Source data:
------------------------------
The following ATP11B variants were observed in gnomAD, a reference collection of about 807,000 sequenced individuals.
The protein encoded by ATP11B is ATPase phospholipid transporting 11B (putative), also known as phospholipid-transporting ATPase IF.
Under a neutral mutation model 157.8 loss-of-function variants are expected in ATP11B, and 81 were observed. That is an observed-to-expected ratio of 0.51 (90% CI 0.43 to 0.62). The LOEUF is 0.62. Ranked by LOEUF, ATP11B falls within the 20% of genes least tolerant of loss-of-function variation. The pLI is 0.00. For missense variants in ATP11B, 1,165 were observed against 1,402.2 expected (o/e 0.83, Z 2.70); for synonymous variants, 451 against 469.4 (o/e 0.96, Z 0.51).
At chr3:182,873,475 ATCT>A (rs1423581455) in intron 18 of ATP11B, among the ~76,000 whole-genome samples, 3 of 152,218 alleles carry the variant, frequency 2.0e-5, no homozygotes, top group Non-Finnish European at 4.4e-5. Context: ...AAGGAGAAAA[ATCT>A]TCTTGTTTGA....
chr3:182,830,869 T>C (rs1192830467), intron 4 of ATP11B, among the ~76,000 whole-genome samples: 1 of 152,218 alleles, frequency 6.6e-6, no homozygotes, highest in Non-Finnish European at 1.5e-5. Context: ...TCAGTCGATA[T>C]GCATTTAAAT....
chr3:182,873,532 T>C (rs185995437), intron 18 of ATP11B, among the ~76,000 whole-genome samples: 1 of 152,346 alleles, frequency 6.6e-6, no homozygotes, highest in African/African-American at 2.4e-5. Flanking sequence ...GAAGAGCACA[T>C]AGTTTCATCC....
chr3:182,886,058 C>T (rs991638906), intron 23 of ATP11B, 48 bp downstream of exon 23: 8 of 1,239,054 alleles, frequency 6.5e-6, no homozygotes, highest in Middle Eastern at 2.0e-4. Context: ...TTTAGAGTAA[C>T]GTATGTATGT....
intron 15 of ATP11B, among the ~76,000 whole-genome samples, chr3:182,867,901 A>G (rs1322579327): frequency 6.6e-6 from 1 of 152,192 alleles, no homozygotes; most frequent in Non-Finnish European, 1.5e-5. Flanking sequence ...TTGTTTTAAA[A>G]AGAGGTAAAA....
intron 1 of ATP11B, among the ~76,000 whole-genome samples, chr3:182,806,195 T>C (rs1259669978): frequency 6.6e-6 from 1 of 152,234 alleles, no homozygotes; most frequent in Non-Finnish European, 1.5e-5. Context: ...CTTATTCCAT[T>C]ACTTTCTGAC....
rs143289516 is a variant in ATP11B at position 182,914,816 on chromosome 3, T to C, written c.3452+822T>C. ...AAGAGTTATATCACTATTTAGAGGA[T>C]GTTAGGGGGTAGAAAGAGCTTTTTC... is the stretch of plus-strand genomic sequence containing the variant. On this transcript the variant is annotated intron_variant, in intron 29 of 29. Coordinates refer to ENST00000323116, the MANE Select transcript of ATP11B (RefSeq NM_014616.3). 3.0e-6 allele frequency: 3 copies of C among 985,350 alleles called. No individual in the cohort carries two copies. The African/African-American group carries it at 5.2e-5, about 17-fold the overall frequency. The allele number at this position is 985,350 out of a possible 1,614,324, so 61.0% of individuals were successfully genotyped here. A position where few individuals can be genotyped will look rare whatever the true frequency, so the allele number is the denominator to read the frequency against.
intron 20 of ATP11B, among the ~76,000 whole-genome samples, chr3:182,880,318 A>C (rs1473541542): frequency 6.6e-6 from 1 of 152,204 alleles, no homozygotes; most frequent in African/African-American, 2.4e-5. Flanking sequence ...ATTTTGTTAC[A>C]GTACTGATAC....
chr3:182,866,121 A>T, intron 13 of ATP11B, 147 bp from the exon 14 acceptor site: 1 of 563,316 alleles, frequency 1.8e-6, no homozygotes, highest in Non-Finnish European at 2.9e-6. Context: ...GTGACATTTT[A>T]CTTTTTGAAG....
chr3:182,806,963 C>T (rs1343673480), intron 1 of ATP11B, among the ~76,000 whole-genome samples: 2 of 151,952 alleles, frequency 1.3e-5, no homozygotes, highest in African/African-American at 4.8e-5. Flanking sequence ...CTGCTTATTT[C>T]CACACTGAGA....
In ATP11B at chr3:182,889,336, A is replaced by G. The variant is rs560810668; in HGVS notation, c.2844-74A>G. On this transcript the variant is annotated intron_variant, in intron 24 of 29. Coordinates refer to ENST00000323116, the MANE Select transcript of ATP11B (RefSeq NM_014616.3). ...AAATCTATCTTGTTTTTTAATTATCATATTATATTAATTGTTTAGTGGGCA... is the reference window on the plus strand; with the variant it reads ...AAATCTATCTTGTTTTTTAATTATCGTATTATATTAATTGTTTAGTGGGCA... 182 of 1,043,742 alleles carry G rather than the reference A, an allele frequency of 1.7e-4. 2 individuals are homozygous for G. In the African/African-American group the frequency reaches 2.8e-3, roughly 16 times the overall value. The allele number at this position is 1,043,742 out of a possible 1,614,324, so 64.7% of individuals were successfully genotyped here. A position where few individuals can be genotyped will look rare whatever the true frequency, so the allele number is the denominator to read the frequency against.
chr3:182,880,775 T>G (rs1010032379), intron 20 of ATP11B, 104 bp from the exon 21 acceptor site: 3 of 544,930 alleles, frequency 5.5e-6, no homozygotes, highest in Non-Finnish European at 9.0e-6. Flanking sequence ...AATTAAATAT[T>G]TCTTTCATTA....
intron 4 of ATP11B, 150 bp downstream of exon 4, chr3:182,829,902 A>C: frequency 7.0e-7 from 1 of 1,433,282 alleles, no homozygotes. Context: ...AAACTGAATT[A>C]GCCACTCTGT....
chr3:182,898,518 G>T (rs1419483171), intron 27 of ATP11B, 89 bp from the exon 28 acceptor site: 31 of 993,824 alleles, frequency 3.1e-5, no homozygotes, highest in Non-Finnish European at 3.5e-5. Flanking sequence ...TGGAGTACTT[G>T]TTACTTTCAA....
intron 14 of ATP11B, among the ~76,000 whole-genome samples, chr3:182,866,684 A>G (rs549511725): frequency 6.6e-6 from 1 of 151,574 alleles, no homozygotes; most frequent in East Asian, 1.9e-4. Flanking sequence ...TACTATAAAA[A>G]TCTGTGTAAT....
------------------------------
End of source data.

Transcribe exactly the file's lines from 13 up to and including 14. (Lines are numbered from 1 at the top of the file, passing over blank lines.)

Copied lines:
chr3:182,806,963 C>T (rs1343673480), intron 1 of ATP11B, among the ~76,000 whole-genome samples: 2 of 151,952 alleles, frequency 1.3e-5, no homozygotes, highest in African/African-American at 4.8e-5. Flanking sequence ...CTGCTTATTT[C>T]CACACTGAGA....
In ATP11B at chr3:182,889,336, A is replaced by G. The variant is rs560810668; in HGVS notation, c.2844-74A>G. On this transcript the variant is annotated intron_variant, in intron 24 of 29. Coordinates refer to ENST00000323116, the MANE Select transcript of ATP11B (RefSeq NM_014616.3). ...AAATCTATCTTGTTTTTTAATTATCATATTATATTAATTGTTTAGTGGGCA... is the reference window on the plus strand; with the variant it reads ...AAATCTATCTTGTTTTTTAATTATCGTATTATATTAATTGTTTAGTGGGCA... 182 of 1,043,742 alleles carry G rather than the reference A, an allele frequency of 1.7e-4. 2 individuals are homozygous for G. In the African/African-American group the frequency reaches 2.8e-3, roughly 16 times the overall value. The allele number at this position is 1,043,742 out of a possible 1,614,324, so 64.7% of individuals were successfully genotyped here. A position where few individuals can be genotyped will look rare whatever the true frequency, so the allele number is the denominator to read the frequency against.